The second step is a return trip to the mission in October 2012 to lead a staff retreat for the mission. I (John) and my wife Alana will be going October 8-13 to serve the mission staff. Paul is still trying to see if he can work all the details out to join us. Here is the thing: we need help.

The cost for the trip is about $950 per person. We need to have this paid off by September 8 in order to make this trip work. I am asking if you feel led to support us at any level, that you make a check out to LifeQuest Church and mail it to 3998 SW Leighton Farms Ave. Palm City, FL 34990.

Any amount of money will help and all of the money will be used to serve the mission staff and to breathe spiritual joy and health into their lives. I believe God wants this to happen and He will provide.

Please pray for us and the staff at NWHCM as we seek to model spiritual health and refreshment into one another’s lives.

Useless Garments

I have been making my way through the book of Jeremiah recently in my devotions. I am always fascinated how God takes humans who are flawed, frail and apt to faint and uses them to communicate his eternal truths. Jeremiah was a man who struggled to understand exactly what was happening and why, but he trusted in the sovereignty of God and spoke the eternal words of god to the nation of Israel. The words were often difficult and not very encouraging, but he spoke the truth clearly and without apology.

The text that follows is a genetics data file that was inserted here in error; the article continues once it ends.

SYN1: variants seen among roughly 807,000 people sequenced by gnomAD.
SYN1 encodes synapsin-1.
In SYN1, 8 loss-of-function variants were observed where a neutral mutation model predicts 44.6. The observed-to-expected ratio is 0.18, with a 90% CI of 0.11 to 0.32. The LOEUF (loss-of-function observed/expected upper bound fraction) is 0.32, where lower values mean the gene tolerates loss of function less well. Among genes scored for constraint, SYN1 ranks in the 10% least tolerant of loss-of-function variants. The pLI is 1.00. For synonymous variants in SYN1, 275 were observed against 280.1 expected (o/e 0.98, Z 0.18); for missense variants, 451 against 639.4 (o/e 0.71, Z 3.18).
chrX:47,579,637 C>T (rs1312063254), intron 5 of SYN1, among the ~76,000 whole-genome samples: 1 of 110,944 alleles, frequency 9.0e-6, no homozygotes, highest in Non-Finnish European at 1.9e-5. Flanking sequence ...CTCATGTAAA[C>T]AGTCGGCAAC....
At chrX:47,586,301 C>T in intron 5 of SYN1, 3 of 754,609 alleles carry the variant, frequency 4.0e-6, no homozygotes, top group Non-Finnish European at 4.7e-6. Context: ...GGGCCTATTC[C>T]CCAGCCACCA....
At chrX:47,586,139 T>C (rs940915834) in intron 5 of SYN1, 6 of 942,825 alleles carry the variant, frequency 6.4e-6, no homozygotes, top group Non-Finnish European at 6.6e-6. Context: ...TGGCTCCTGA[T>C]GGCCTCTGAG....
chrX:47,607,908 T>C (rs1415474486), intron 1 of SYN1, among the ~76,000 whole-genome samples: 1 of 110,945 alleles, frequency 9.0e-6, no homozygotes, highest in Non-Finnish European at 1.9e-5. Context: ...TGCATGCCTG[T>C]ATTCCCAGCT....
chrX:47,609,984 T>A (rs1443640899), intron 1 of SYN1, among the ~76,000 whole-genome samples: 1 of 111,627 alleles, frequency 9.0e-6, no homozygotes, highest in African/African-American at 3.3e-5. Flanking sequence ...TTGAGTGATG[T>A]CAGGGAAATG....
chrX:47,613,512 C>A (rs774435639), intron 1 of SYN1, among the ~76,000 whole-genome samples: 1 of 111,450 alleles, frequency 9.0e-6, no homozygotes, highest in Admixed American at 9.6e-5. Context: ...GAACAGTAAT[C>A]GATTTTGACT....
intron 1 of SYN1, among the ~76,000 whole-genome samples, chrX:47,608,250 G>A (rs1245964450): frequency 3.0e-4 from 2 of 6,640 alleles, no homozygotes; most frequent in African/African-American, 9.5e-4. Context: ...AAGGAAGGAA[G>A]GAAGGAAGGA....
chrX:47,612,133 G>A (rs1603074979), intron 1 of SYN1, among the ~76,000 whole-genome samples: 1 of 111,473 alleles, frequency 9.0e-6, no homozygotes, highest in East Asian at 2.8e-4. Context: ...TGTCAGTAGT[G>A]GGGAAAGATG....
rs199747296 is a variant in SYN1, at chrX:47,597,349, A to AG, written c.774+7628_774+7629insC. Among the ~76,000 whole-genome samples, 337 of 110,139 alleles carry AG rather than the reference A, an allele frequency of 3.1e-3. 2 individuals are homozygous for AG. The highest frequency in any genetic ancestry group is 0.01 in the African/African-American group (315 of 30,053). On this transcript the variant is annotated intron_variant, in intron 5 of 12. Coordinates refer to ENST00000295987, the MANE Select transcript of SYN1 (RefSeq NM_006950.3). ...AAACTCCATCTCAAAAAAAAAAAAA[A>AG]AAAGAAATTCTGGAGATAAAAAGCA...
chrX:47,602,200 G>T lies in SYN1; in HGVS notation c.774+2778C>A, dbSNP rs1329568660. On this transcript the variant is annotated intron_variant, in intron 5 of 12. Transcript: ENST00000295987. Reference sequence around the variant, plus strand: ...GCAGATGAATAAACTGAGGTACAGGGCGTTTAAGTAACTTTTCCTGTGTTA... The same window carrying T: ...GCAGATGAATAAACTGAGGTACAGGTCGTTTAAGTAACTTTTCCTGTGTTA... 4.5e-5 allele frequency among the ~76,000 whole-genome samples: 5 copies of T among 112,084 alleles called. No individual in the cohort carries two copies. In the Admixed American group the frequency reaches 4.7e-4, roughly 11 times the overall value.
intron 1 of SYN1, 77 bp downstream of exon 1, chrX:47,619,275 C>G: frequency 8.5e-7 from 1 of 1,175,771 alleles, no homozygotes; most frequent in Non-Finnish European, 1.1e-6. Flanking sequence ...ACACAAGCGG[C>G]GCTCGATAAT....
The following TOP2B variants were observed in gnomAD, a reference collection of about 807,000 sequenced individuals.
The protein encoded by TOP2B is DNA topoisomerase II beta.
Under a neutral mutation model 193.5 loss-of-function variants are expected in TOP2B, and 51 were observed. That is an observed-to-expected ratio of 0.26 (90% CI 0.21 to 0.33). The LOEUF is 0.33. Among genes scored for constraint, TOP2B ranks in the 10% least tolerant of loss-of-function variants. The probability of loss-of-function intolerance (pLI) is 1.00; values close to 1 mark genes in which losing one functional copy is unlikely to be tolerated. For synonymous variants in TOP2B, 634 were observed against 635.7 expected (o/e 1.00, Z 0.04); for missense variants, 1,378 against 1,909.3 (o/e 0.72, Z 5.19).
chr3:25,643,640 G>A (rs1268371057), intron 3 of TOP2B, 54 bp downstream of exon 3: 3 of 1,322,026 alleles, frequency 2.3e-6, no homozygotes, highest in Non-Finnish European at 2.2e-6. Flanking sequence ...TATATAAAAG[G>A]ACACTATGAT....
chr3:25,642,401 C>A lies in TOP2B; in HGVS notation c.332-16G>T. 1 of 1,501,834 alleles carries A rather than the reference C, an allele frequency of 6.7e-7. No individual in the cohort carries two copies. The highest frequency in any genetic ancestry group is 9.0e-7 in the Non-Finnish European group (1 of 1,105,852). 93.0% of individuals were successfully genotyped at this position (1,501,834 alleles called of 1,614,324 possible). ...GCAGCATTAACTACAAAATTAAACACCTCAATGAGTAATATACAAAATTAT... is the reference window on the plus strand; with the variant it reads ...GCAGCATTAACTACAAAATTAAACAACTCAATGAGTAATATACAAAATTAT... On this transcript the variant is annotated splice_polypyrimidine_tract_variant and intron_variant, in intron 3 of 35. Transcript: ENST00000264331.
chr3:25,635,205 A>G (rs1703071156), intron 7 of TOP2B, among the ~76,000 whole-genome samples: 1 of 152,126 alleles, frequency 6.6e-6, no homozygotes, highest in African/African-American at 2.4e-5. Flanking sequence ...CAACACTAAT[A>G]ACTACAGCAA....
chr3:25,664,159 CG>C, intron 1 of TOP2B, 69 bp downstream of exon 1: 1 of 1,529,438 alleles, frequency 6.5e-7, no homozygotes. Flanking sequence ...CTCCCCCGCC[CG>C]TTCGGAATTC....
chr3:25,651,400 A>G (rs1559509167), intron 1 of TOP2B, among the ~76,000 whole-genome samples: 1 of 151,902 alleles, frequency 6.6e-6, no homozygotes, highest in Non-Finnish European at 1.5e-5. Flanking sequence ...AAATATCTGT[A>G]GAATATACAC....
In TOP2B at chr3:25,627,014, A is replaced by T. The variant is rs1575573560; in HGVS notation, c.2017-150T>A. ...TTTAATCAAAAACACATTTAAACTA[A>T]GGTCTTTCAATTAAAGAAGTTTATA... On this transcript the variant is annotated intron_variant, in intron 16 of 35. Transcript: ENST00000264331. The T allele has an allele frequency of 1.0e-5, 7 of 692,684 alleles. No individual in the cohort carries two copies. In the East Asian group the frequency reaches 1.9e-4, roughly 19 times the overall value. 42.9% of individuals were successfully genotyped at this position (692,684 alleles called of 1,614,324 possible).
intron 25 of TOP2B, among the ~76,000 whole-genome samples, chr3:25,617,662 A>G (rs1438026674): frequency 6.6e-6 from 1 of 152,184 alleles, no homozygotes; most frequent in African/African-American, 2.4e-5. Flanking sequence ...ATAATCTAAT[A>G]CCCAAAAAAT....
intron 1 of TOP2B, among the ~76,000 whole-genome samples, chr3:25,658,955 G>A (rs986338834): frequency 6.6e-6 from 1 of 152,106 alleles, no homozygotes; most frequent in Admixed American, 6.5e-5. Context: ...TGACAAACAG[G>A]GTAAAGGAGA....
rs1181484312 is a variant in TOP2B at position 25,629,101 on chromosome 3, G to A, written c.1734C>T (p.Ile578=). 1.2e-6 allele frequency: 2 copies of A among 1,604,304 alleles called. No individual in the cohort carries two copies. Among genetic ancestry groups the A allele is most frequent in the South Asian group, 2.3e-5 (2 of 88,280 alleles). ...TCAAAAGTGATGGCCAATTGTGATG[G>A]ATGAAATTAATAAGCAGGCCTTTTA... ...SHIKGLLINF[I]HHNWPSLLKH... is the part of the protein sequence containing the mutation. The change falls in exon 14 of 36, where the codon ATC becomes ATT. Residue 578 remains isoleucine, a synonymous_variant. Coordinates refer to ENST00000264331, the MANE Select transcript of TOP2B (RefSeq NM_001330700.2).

In Jeremiah 13, God tells Jeremiah to buy a belt and to bury it in the desert under a rock. Many days later God tells him to go and dig it up. Jeremiah describes the condition of the belt as follows: “it was ruined and completely useless.”

God then tells Jeremiah the condition of the belt represents his plan to “ruin the pride of Judah and Jerusalem.” Why would God ruin his people? Why would he allow them to suffer disgrace in front of the other nations? God allows this for one simple reason: they follow the stubbornness of their own hearts (Jeremiah 13:10).

When we begin to pursue our own agendas, follow our own desires, and seek our own glory, we walk away from the humble state required of us to live in right relationship with God. Pride and submission are mutually exclusive in the kingdom of God. Instead of seeking the desire of our own hearts, God has called us to have renewed minds to seek after him and to be conformed to his good and perfect will (Romans 12:1-2).

The lie of our culture is to follow our own heart. The problem is the heart of humanity is deceitful and wicked. We seek our own desires, our own pleasures and our own glory when left to our own heart. It is only in submission to God that we begin to live beyond ourselves and into the world and kingdom to which we are called.

Paul notes the humility of Christ in Philippians 2 as the model the Christian is to pursue. We are to set aside our agenda, our pride and our glory for the eternal glory of God. In doing so, our lives will impact other lives and eternity. Our calling is not to be a useless garment, but to be a living and loving organism impacting our world with the love and grace of Jesus.

Whose glory are you seeking? Whose heart are you following? What things do you need to change to become useful in the Kingdom of God?